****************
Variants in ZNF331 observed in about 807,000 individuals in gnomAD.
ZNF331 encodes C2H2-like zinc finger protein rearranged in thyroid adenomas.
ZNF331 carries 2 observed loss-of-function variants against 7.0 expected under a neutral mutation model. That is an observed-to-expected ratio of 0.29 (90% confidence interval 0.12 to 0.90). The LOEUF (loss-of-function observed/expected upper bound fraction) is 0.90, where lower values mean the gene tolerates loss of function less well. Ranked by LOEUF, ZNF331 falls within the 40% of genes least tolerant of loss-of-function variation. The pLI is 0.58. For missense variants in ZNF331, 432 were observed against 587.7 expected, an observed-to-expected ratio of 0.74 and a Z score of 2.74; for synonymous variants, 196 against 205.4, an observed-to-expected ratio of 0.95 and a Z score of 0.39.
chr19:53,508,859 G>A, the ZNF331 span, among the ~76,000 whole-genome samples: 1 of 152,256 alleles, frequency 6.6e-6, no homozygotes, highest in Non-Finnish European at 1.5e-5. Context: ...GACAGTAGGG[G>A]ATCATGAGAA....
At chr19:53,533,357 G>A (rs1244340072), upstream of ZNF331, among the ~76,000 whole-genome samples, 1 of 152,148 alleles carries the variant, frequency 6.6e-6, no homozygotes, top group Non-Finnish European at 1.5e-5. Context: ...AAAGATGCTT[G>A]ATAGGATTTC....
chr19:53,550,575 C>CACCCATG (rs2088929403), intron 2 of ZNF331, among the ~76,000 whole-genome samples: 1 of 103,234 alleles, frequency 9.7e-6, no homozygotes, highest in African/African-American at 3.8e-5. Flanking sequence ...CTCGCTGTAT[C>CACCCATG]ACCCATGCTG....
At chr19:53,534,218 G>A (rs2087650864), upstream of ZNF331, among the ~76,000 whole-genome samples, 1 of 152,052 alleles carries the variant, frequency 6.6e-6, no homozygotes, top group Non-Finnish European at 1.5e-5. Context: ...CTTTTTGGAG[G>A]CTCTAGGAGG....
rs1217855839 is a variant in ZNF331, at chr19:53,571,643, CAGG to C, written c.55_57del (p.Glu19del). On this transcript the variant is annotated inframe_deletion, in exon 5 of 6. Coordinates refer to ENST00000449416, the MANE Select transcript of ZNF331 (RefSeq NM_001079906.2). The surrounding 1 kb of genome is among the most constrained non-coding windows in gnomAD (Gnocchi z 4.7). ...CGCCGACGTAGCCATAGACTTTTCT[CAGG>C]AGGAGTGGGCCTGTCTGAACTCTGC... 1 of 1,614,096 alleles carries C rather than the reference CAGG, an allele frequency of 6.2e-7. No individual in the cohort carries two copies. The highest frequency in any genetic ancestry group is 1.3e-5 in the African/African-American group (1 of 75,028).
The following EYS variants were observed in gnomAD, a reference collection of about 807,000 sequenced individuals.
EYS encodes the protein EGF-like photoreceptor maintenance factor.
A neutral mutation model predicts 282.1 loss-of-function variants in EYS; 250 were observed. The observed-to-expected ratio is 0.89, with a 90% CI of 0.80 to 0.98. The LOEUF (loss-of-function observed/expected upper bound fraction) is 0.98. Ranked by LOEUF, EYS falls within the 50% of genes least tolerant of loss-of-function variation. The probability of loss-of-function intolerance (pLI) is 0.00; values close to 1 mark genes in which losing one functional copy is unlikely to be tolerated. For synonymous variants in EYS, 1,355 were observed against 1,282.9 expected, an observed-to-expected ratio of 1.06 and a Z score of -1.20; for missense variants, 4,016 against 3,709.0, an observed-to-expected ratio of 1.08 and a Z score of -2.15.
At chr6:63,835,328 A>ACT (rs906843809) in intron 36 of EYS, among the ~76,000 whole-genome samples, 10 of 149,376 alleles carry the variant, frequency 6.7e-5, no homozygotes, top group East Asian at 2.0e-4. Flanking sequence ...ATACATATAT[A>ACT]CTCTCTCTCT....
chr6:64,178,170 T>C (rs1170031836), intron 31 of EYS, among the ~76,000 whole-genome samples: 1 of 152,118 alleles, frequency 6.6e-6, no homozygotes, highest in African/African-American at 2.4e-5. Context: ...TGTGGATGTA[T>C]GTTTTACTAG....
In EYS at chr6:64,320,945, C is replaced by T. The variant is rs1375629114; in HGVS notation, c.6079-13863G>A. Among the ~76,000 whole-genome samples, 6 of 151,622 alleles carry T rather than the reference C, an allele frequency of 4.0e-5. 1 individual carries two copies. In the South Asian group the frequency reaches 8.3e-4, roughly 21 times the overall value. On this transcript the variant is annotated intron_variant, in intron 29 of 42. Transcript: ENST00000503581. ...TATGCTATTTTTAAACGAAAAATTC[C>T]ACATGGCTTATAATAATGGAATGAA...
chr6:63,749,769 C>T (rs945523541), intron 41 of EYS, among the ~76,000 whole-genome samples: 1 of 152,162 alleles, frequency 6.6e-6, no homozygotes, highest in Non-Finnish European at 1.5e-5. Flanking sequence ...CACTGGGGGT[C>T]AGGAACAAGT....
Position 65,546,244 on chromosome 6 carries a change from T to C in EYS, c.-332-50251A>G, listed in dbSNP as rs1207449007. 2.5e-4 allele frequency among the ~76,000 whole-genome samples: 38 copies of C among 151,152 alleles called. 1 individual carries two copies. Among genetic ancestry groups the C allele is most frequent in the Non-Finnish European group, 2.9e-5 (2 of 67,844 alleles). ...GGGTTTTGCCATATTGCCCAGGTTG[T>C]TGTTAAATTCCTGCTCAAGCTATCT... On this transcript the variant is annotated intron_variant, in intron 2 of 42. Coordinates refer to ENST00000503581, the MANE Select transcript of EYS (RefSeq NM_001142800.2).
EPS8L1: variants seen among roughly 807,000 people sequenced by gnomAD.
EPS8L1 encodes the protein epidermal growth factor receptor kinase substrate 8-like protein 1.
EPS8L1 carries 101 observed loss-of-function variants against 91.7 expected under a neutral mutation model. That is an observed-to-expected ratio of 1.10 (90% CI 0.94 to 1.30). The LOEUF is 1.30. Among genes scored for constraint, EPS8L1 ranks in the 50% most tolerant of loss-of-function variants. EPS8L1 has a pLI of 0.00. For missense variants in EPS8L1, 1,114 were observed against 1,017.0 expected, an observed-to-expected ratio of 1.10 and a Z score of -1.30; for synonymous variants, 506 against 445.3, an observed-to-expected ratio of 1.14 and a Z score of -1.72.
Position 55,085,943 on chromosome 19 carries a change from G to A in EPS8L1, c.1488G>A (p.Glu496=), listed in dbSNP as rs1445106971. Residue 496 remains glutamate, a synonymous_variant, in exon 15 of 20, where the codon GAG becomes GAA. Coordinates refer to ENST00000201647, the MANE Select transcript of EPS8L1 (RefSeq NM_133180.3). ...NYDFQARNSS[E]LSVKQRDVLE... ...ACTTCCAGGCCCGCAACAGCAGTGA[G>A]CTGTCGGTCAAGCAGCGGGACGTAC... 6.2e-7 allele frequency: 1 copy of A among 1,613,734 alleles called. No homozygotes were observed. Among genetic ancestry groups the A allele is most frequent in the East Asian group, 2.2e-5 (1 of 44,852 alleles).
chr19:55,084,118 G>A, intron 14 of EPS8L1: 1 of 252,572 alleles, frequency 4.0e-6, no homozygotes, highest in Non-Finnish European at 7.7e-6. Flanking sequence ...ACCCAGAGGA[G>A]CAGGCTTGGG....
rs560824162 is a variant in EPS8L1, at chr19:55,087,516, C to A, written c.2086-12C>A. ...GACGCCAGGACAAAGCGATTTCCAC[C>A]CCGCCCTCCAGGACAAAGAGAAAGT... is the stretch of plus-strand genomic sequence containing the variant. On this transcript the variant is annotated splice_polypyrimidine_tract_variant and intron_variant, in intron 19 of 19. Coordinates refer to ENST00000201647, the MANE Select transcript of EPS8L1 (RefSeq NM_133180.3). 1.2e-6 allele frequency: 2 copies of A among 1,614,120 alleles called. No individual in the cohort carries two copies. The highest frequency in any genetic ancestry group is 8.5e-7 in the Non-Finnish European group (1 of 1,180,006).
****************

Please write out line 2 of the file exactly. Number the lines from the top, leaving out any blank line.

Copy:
ZNF331 encodes C2H2-like zinc finger protein rearranged in thyroid adenomas.